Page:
Safari in East Africa revolves around a fertile, ever-changing savannah. There’s an easily distinguishable wet and dry season across the region.

April and May are wet wet wet, a time known as the long rains. Torrential downpours and heavy storms bring localized flooding, with four-wheel drive trails turned into mud baths.

Many safari destinations in East Africa close in April and May, usually because they have become inaccessible due to the rain.

January to mid-March represents the height of the dry season, the landscapes barren and brittle as they await the long rains.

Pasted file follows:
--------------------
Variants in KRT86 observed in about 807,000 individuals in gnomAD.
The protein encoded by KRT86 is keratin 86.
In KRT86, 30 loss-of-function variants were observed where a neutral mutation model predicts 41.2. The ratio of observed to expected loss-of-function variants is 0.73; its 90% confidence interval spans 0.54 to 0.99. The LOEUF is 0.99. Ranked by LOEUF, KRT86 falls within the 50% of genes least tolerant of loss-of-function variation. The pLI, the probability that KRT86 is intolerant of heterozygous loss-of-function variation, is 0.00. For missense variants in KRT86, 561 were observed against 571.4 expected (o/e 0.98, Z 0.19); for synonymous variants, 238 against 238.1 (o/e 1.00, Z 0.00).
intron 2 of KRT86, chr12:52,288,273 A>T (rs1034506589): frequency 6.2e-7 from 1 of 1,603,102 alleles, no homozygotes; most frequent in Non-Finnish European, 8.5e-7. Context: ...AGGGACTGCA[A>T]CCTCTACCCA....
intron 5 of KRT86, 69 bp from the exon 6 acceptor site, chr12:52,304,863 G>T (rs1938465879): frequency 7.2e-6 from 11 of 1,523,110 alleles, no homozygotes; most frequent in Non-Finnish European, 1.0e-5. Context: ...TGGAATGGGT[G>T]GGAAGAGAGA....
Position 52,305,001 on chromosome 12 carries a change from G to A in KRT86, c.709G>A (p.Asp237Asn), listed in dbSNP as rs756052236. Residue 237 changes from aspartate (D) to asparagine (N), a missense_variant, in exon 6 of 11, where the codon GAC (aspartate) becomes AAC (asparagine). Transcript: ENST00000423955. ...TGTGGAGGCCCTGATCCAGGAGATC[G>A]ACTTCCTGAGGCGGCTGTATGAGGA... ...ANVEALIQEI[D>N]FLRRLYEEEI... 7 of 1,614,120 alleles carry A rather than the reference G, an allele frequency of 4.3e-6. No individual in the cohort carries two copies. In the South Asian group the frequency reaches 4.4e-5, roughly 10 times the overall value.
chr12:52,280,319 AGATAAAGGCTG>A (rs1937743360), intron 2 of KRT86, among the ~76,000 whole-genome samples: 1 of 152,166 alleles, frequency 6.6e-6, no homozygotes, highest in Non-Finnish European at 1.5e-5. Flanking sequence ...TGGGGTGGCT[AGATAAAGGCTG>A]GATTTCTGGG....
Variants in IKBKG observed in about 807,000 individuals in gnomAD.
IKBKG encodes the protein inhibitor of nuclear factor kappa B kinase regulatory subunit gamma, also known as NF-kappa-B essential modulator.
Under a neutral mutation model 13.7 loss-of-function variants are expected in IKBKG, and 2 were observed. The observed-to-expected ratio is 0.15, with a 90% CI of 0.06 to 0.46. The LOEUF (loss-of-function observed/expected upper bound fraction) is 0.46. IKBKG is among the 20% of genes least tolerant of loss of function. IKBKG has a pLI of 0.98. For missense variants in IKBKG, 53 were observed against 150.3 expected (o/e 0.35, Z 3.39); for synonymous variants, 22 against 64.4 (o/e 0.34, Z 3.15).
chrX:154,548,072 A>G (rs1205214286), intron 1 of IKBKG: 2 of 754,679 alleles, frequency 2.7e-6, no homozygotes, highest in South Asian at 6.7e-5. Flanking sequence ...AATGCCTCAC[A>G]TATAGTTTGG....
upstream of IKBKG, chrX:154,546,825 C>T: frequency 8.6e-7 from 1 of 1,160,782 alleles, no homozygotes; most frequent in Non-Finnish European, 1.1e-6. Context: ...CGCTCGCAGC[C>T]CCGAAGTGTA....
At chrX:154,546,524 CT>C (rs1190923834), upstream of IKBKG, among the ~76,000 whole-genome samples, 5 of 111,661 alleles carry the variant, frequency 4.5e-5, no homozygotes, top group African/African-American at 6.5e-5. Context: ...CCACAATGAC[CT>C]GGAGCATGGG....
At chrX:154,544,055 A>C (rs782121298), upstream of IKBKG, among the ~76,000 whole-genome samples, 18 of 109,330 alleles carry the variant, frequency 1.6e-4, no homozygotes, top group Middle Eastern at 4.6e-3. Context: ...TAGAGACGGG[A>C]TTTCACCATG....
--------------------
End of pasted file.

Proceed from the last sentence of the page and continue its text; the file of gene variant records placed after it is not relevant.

It’s a great season for safari in East Africa, especially because the wildebeest are calfing before their great migration, an easy to witness spectacle in Southeastern Serengeti.

June to September are also dry months, with the landscape slowly changing from high green grass to scorched plains.

July and August is peak season and it does get really busy in the famous national parks, like the Masai Mara and Serengeti. It’s worth considering a private concession safari during these two months, then you can escape the crowds.

From October to December East Africa receives its short rains. Clouds hover across the savannah but they are not as intense or disruptive as the long rains.

Wildlife viewing conditions aren’t perfect but it’s still a good time for an East African safari, especially because you’ll almost be alone in the national parks.